- Netherlands in the Eurovision Dance Contest – Dance version of the Eurovision Song Contest.
- Netherlands in the Eurovision Young Dancers – A competition organised by the EBU for younger dancers aged between 16 and 21.
- Netherlands in the Eurovision Young Musicians – A competition organised by the EBU for musicians aged 18 years and younger.
- If a country had won the previous year, they did not have to compete in the semi-finals the following year.
- "AVRO en TROS worden samen AvroTros". nu.nl (in Dutch). 2013-05-06. Retrieved 6 May 2013.
- van Tongeren, Mario (2009-01-25). "NOS quits Eurovision, Dutch participation goes on". Oikotimes. Archived from the original on 2009-02-05. Retrieved 2009-01-25.
- History - Eurovision Song Contest 1985 Archived 2008-09-26 at the Wayback Machine Eurovision.tv
- History - Eurovision Song Contest 1991 Archived 2008-08-28 at the Wayback Machine Eurovision.tv
- "Eurovisie Songfestival: Deze Eeuw - vandaagindemuziek.nl - Day to Day". www.vandaagindemuziek.nl.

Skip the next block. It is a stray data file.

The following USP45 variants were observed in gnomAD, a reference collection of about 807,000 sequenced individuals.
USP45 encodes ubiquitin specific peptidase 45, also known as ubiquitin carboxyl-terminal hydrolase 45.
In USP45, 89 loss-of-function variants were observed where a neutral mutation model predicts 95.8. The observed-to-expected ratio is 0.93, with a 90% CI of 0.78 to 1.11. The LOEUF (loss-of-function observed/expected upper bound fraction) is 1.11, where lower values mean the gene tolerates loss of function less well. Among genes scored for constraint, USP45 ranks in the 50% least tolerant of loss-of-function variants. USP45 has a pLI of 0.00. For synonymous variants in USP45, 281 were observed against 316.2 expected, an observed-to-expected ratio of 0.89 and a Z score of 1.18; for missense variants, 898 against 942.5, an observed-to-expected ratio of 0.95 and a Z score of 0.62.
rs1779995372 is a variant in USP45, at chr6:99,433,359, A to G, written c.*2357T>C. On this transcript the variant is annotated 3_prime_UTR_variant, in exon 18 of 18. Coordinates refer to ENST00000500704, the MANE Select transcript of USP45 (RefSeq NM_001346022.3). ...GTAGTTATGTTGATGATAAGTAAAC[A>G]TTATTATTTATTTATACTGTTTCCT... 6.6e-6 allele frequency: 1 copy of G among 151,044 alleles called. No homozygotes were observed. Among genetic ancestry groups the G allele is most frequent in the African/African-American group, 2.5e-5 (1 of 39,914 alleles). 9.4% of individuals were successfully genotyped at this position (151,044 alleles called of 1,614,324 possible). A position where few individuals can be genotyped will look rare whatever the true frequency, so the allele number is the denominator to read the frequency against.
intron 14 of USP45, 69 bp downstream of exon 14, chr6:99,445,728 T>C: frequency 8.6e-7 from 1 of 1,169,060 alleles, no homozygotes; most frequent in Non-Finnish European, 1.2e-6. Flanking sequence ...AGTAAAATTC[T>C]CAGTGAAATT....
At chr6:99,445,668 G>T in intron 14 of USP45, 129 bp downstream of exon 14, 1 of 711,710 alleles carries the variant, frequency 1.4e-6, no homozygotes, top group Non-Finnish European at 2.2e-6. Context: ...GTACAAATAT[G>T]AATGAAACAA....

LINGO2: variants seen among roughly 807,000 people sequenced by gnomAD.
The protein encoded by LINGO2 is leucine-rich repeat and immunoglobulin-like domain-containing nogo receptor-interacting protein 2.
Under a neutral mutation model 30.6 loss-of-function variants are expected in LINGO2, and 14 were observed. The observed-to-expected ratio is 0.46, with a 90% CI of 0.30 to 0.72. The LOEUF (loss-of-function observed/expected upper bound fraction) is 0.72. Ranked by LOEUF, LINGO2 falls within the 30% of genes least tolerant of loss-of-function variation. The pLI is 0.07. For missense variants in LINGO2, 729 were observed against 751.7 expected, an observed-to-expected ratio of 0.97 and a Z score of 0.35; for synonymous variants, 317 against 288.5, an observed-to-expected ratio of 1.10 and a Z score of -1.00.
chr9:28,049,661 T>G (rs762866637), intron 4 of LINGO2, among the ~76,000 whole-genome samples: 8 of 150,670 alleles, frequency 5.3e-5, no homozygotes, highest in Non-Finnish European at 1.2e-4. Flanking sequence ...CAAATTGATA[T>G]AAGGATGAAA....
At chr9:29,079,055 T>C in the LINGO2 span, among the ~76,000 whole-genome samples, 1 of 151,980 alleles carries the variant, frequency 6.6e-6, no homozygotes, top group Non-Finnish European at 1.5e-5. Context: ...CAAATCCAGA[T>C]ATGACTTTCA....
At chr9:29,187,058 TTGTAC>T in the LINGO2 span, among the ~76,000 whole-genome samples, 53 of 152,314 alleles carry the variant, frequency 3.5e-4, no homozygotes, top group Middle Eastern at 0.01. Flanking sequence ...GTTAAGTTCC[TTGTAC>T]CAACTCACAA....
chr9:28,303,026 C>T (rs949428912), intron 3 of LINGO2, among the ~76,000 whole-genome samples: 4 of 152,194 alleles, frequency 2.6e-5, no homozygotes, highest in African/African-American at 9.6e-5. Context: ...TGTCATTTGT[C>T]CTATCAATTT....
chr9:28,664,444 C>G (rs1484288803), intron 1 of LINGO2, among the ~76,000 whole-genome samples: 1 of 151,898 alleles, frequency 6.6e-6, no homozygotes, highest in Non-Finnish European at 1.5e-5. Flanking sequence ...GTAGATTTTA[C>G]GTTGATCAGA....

- Spain originally gave its 12 points to Israel and 10 to Norway. After the broadcast it was announced that Spanish broadcaster wrongly tallied the votes and Germany should have got the top mark - 12 points - instead of being snubbed, as it happened. The mistake was corrected and so Germany was placed 7th over Norway. Israel and Norway both received 2 points less than originally and Croatia, Malta, Portugal, United Kingdom, Netherlands, Belgium, Estonia and Turkey all received one point less than indicated during the broadcast.
- www.eurovisionartists.nl. "Welkom op de website van Eurovision Artists". www.eurovisionartists.nl.
- "Van Beusekom quits Eurovision role".
- "Eurovision Cornald Maas fired by TROS - ESCToday.com". 30 June 2010.
- Points to and from the Netherlands eurovisioncovers.co.uk